The “Markthalle 9” – It’s about diversity, inclusion, transparency in dealings and justice – Aldi stays

My name’s Giles, I’m English and have lived in Berlin for 26 years, 16 of them here, next door to the Markthalle 9. I live from teaching, translating and conducting art & music projects with the local community and, when that isn’t happening, from Harz IV.

When I read of the new owners’ plans for the declining Markthalle, I was relieved that it hadn’t been bought by a large supermarket chain like the one in Ackerstrasse in Mitte and moved by their plans to create a “market hall for all” based on locally-sourced organic products. I’ve been engaged in environmental activism and “Small is Beautiful” organic food production since my teens in the 1970s, so to me this seemed like an exciting and visionary project, and perfect for Kreuzberg which has been shaped by similar activists since the ‘70s.

Pragmatically, however, I can’t afford to live from purely organic produce so I’ve always done most of my shopping in Aldi and similar discounters, pleased that even they have responded to market pressure and have started selling affordable bio products. However, the local community in the Markthalle has been gradually replaced by daytrippers with a higher spending power until now Aldi is the only place I’ll meet, say, the Turkish mother from my daughter’s Kita or my 85 year old neighbor who sits on a bench inside after shopping.

A couple of weeks ago when I saw the proclamation that Aldi contract would be ended in June, I was angry – both at the high-handed manner in which we locals and Aldi staff were informed and by the clear sign that this would clearly become a financially exclusive zone and no longer a market hall for all. This was, after all, the promise which initially secured the owners a cheaper price than other prospective buyers. Walking one block more to Lidl is not an option for my neighbor, nor can she sit there under a roof and watch the passers-by. And neither can I nor any of the locals.

I’ve lived in four cities in my life – Middlesbrough, Newcastle, London and Berlin – and never known such a thriving organically created community as here in Kreuzberg, in this Kiez. I know and chat with all of the shopkeepers and quite a few of the locals on this street. This is rare – like an inner-city village created over decades. And this is what moved me to join with other locals to protect it. It’s nothing to do with “Aldi versus organic” – it’s about preserving something special.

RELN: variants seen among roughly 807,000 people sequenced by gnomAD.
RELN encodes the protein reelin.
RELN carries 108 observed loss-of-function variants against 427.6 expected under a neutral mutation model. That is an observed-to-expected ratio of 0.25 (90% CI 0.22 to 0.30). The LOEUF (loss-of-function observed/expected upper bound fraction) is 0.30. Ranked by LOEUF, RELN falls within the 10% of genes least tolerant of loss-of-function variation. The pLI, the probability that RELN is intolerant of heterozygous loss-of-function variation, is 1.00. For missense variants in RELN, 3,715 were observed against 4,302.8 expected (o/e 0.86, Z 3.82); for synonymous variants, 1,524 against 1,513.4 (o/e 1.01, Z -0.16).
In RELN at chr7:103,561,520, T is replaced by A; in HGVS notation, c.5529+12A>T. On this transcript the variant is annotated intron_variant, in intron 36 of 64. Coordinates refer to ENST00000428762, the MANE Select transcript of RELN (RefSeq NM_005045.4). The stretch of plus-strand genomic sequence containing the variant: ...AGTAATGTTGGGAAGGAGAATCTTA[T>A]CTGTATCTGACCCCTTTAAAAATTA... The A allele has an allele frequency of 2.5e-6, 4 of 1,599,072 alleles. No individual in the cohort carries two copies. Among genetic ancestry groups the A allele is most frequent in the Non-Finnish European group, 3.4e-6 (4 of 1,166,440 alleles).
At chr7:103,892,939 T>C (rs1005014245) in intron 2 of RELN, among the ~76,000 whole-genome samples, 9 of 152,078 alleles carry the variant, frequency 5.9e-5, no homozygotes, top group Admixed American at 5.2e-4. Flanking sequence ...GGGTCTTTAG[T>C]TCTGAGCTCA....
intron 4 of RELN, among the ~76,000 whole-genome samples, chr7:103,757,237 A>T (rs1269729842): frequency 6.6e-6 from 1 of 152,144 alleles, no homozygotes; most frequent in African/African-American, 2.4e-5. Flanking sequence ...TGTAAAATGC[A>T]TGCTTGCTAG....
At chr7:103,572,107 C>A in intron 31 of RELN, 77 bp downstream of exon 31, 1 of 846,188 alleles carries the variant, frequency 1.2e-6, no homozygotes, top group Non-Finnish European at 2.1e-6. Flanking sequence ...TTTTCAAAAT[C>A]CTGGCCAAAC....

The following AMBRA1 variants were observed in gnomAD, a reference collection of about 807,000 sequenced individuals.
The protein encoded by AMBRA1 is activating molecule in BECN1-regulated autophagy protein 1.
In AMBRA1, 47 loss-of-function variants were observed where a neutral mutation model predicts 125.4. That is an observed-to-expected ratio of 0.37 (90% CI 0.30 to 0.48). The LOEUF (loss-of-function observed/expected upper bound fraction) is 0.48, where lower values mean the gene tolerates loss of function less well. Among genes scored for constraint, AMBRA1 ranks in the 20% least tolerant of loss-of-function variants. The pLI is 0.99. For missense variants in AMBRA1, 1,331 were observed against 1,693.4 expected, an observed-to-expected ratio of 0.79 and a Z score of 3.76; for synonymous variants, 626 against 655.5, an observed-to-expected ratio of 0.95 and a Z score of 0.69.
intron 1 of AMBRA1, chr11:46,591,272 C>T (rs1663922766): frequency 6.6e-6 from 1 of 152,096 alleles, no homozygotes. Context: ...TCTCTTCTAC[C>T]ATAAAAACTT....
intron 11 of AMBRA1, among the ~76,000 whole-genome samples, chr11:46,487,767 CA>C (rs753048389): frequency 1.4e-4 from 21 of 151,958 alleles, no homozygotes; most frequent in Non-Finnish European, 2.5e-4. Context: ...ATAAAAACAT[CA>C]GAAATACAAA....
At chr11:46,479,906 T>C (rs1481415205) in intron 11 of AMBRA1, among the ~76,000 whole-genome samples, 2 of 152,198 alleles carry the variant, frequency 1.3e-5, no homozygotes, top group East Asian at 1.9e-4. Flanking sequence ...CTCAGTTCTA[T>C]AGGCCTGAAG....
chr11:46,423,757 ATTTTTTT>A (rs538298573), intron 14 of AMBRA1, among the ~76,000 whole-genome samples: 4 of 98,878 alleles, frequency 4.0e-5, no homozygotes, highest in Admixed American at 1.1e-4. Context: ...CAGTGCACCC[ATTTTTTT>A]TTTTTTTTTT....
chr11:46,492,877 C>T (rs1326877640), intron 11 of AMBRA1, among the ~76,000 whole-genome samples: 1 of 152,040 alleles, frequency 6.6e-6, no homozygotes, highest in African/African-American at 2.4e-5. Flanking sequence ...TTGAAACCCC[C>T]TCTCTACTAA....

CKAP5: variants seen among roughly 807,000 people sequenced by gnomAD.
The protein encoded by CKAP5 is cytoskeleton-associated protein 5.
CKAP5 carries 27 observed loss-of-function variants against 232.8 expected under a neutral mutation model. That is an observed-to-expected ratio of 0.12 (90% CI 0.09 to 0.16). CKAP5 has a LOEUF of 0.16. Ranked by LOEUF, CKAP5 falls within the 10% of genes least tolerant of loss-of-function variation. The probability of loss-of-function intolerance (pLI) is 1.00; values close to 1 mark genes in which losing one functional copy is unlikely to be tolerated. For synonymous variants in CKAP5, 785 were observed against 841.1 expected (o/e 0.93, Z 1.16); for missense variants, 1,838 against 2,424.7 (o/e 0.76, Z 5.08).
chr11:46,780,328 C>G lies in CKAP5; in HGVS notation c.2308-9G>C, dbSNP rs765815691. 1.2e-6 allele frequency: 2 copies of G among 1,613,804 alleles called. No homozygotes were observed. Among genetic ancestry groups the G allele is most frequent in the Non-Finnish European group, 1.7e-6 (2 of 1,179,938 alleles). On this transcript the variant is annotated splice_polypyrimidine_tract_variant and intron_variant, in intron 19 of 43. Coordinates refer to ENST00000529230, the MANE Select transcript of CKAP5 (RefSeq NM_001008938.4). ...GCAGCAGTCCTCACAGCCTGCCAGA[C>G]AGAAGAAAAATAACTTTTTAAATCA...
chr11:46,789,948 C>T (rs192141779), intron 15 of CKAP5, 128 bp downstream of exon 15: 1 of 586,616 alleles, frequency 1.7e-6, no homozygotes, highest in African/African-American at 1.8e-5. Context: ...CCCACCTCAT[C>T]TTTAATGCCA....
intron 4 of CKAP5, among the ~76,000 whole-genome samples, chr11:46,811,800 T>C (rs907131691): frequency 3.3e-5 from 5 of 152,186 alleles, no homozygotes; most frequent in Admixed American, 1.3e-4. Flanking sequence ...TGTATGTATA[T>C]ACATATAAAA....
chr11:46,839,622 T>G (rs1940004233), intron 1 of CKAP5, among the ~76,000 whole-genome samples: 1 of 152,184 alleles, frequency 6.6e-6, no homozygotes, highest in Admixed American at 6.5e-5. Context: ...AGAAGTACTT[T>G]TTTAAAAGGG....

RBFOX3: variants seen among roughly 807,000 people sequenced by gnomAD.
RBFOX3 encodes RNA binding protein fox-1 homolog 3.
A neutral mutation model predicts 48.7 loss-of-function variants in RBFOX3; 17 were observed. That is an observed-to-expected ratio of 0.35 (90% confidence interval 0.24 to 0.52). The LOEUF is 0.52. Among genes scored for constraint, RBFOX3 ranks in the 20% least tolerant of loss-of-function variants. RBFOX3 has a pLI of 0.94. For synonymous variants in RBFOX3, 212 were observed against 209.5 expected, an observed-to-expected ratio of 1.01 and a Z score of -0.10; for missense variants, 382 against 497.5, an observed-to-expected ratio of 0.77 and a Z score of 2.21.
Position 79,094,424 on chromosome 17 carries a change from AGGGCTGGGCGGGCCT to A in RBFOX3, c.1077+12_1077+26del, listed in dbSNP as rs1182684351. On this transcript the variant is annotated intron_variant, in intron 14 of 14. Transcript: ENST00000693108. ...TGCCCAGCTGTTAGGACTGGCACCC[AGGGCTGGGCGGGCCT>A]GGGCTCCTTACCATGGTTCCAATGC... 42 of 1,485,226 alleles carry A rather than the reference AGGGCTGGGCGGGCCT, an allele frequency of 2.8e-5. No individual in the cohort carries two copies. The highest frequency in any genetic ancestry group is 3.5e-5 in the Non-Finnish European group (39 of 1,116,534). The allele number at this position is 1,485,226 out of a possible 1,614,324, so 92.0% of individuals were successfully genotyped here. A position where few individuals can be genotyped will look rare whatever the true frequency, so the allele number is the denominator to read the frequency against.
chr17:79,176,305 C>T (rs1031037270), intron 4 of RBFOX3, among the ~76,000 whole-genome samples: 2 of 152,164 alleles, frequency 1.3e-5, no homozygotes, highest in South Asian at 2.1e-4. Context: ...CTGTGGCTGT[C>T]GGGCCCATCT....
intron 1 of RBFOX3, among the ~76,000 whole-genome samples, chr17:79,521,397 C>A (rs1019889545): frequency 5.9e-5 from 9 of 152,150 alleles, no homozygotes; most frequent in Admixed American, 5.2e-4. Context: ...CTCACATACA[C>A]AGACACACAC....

It’s about diversity, inclusion, transparency in dealings and justice.

Dear Messrs. Maier, Niedermeier and Driessen – with the help of a residents initiative you acquired this market hall at a knockdown price on account of your proposal to reinvigorate it and exclude NO-ONE. Sadly, even with huge injections of public funds, the opposite is happening. The stalls are closed on three weekdays, meaning the only visitors are locals shopping at Aldi. I see NO plans on your part to replace the discounter with affordable daily provisions. What I do see in your press appearances is a demonization of those of us forced by financial circumstances to shop at discounters as supporters of world poverty. I see the minutes of so-called round table discussions in which you agree to a possibility of Aldi remaining altered hours later to contain no reference to Aldi – as I suspected, this was no round table – it was a lobbying exercise. I see the flyers I put on my door advertising this rally torn down daily and nightly – go and have a look if you like. I hear about plans of a gegen-demo in which you’ll drive a tractor around our rally. Basically, the neighborhood was “promised” something different than what can now be observed as the actual direction and usage of the Markthalle.

You always seemed like three friendly guys with a good concept to offer and a hell of a lot of energy. But something has changed. There is no longer a willingness on your part to engage in any meaningful dialogue with those of us who want to retain the diverse community here. But this isn’t Prenzlauer Berg or Hamburg. It’s Kreuzberg. And Kreuzbergers – and Wahl-Kreuzbergers like me – don’t respond well to being told what is good for us. And until we are offered a suitable alternative, Aldi stays.

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